Housing advocates say an ambitious bill brought to the table this week in the state Legislature seeking to establish “social housing” is the right approach to California’s crisis, but it faces plenty of obstacles, too.
Assemblymember Alex Lee, whose district includes part of San Jose, on Tuesday introduced a bill asking the state to begin creating housing solutions that have succeeded around the globe, including social housing.
The concept of social housing is in many ways different than most public housing models in the United States. A government entity would own, manage and maintain a property, and preserve it for affordable housing forever.
Social housing also includes residents of varying income levels, and is not restricted to an area’s poorest residents.
“With the ultimate goal of housing as many people as possible of all incomes, social housing programs will invest in affordable living costs and maintenance of properties,” Lee wrote in a tweet. “In contrast to private developers, we can build without an inherent need to turn a profit.”
I introduced AB387 w/ @BuffyWicks today to establish Social Housing for California
Social Housing is how we provide housing as a human right
Publicly developed, maintained, and owned housing for Californians of all socioeconomic levels is the key to solving our housing crisis pic.twitter.com/D7dLQnax5D
— Alex Lee 李天明 (@VoteAlexLee2020) February 3, 2021
Some of the proceeds from rent or house payments can go back into upkeep for the property.
Housing advocates love the idea, but say a statewide initiative like this would require enormous state investment and lots of government oversight. Sandy Perry, president of the Affordable Housing Network of Santa Clara County, said there’s “no question” that something akin to Lee’s idea will have to be done.
“The resistance is going to be political,” Perry said. “And it comes from the highest levels of government. The resistance is that it’s going to take a huge amount money out of the hands of the big banks.”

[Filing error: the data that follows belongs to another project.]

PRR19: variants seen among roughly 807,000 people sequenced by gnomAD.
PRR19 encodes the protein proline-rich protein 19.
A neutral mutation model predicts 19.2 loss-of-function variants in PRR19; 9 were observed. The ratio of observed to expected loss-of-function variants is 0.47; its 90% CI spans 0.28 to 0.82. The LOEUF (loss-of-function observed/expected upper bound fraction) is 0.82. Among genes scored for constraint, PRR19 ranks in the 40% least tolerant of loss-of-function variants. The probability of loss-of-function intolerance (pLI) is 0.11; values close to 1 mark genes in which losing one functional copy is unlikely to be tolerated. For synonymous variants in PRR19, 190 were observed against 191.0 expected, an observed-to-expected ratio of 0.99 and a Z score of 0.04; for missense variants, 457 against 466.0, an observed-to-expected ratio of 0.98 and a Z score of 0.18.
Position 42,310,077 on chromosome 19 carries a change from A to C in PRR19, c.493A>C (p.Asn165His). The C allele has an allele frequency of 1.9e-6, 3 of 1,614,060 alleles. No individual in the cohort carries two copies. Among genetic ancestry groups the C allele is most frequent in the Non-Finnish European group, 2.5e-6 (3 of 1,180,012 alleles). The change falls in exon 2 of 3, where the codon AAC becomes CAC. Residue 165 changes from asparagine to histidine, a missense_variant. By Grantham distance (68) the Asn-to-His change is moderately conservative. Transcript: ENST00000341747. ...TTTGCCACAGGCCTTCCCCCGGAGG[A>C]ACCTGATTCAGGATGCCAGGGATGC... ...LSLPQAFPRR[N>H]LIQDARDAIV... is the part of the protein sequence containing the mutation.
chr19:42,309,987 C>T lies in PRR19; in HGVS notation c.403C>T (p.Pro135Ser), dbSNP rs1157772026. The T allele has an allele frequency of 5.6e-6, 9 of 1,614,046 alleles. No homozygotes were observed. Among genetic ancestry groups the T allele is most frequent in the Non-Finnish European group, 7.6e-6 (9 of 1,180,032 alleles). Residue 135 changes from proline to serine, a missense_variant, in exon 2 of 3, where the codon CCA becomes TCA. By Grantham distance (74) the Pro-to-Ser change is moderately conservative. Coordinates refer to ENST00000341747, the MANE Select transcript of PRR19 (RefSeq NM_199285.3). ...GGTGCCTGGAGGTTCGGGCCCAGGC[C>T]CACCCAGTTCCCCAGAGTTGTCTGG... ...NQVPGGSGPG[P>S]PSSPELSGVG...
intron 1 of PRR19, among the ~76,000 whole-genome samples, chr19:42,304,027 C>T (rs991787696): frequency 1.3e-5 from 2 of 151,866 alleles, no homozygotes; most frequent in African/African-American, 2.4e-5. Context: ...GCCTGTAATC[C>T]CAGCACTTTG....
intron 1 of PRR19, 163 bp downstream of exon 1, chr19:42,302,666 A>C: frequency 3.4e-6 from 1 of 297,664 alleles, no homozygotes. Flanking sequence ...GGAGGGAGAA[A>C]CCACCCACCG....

Perry said to get something like this done, “it would practically require a revolution.”
Ray Bramson, chief operating officer of Destination: Home, said the biggest hurdle would be funding, something the state is lacking right now.
“I think it comes down to the investment,” Bramson said. “This is a strategy that can and will produce large housing opportunities at scale, but it needs a deep financial investment and commitment from the state to make it feasible and a reality.”
Lee’s bill, AB 387, does not include a funding mechanism yet.
“While I really love and support the concept of social homes, they are most successful in countries where the tax structure is much more geared toward effective social programs,” said Bramson, who also writes a column on housing and homelessness for this news organization. “Funding is the beginning and the end of it.”
Perry said the savings and other benefits outweigh what a program like this would cost.
“Public housing is cheaper than private housing,” he said. “The point is it’s economical. What would you rather do, pay 40% of your income for housing or pay 5% in taxes and have your housing be free?”
Lee points to the success of programs in Vienna, Austria, and in Singapore as models for what could happen in California. In Vienna, 62% of residents live in social housing, while according to Singapore’s housing authority, about 81% of Singapore’s residents live in some type of social housing.
There are also smaller examples of social housing in the county’s own backyard. While Measure A, the $950 million affordable housing bond, addresses affordable housing, the Santa Clara County Housing Authority is even closer to the idea, Bramson said.
“They develop and maintain and operate buildings, and on top of the Section 8 program they have a portfolio of properties,” Bramson said. “(Lee’s) legislation talks about a state-run authority that would run and maintain all this, and it’s kind of similar in Santa Clara County where it’s a local government body that’s developing and maintaining the properties over time.”
Lee believes that instead of the pandemic being an unfavorable time to introduce the idea, it’s actually the best opportunity to do so.
“With stay-at-home orders and social distancing guidelines, the pandemic has underscored the importance of access to safe, stable, and affordable housing,” Lee said. “Affordable housing will play a critical role in our economic recovery and moving toward a more equitable California for all.”
Editor’s Note: Jennifer Loving, executive director of Destination: Home, serves on San José Spotlight’s Board of Directors.